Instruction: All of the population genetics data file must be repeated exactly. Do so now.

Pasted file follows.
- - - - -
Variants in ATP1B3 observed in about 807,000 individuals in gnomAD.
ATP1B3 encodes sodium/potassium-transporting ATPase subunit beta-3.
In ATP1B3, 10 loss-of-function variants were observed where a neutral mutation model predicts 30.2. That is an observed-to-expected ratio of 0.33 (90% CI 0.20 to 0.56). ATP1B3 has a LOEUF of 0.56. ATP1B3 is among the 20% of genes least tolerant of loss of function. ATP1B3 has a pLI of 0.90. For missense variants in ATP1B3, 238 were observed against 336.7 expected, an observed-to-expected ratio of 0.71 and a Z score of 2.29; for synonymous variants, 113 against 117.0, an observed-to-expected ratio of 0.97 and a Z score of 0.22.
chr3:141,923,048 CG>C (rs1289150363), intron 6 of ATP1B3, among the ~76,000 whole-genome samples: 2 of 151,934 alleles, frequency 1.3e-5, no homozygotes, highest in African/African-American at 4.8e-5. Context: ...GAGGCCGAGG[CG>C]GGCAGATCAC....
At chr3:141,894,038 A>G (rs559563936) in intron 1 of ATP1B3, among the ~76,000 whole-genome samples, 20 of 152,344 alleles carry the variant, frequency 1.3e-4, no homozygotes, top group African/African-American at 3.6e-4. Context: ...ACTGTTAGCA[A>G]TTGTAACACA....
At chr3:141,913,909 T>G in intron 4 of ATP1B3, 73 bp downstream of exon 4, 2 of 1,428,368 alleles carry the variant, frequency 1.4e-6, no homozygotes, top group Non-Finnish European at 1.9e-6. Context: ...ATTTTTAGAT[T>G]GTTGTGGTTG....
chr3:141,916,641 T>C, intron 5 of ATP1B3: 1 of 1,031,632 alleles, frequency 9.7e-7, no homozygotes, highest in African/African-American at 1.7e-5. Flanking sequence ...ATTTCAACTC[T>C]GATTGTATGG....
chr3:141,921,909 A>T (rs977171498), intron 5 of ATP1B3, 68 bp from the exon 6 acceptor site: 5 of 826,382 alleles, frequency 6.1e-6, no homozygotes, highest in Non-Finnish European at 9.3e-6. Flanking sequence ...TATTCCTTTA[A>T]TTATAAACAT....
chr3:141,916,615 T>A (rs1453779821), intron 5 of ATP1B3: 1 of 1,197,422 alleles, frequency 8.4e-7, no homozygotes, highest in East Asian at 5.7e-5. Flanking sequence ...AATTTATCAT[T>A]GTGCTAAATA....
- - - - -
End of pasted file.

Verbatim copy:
Variants in ATP1B3 observed in about 807,000 individuals in gnomAD.
ATP1B3 encodes sodium/potassium-transporting ATPase subunit beta-3.
In ATP1B3, 10 loss-of-function variants were observed where a neutral mutation model predicts 30.2. That is an observed-to-expected ratio of 0.33 (90% CI 0.20 to 0.56). ATP1B3 has a LOEUF of 0.56. ATP1B3 is among the 20% of genes least tolerant of loss of function. ATP1B3 has a pLI of 0.90. For missense variants in ATP1B3, 238 were observed against 336.7 expected, an observed-to-expected ratio of 0.71 and a Z score of 2.29; for synonymous variants, 113 against 117.0, an observed-to-expected ratio of 0.97 and a Z score of 0.22.
chr3:141,923,048 CG>C (rs1289150363), intron 6 of ATP1B3, among the ~76,000 whole-genome samples: 2 of 151,934 alleles, frequency 1.3e-5, no homozygotes, highest in African/African-American at 4.8e-5. Context: ...GAGGCCGAGG[CG>C]GGCAGATCAC....
At chr3:141,894,038 A>G (rs559563936) in intron 1 of ATP1B3, among the ~76,000 whole-genome samples, 20 of 152,344 alleles carry the variant, frequency 1.3e-4, no homozygotes, top group African/African-American at 3.6e-4. Context: ...ACTGTTAGCA[A>G]TTGTAACACA....
At chr3:141,913,909 T>G in intron 4 of ATP1B3, 73 bp downstream of exon 4, 2 of 1,428,368 alleles carry the variant, frequency 1.4e-6, no homozygotes, top group Non-Finnish European at 1.9e-6. Context: ...ATTTTTAGAT[T>G]GTTGTGGTTG....
chr3:141,916,641 T>C, intron 5 of ATP1B3: 1 of 1,031,632 alleles, frequency 9.7e-7, no homozygotes, highest in African/African-American at 1.7e-5. Flanking sequence ...ATTTCAACTC[T>C]GATTGTATGG....
chr3:141,921,909 A>T (rs977171498), intron 5 of ATP1B3, 68 bp from the exon 6 acceptor site: 5 of 826,382 alleles, frequency 6.1e-6, no homozygotes, highest in Non-Finnish European at 9.3e-6. Flanking sequence ...TATTCCTTTA[A>T]TTATAAACAT....
chr3:141,916,615 T>A (rs1453779821), intron 5 of ATP1B3: 1 of 1,197,422 alleles, frequency 8.4e-7, no homozygotes, highest in East Asian at 5.7e-5. Flanking sequence ...AATTTATCAT[T>A]GTGCTAAATA....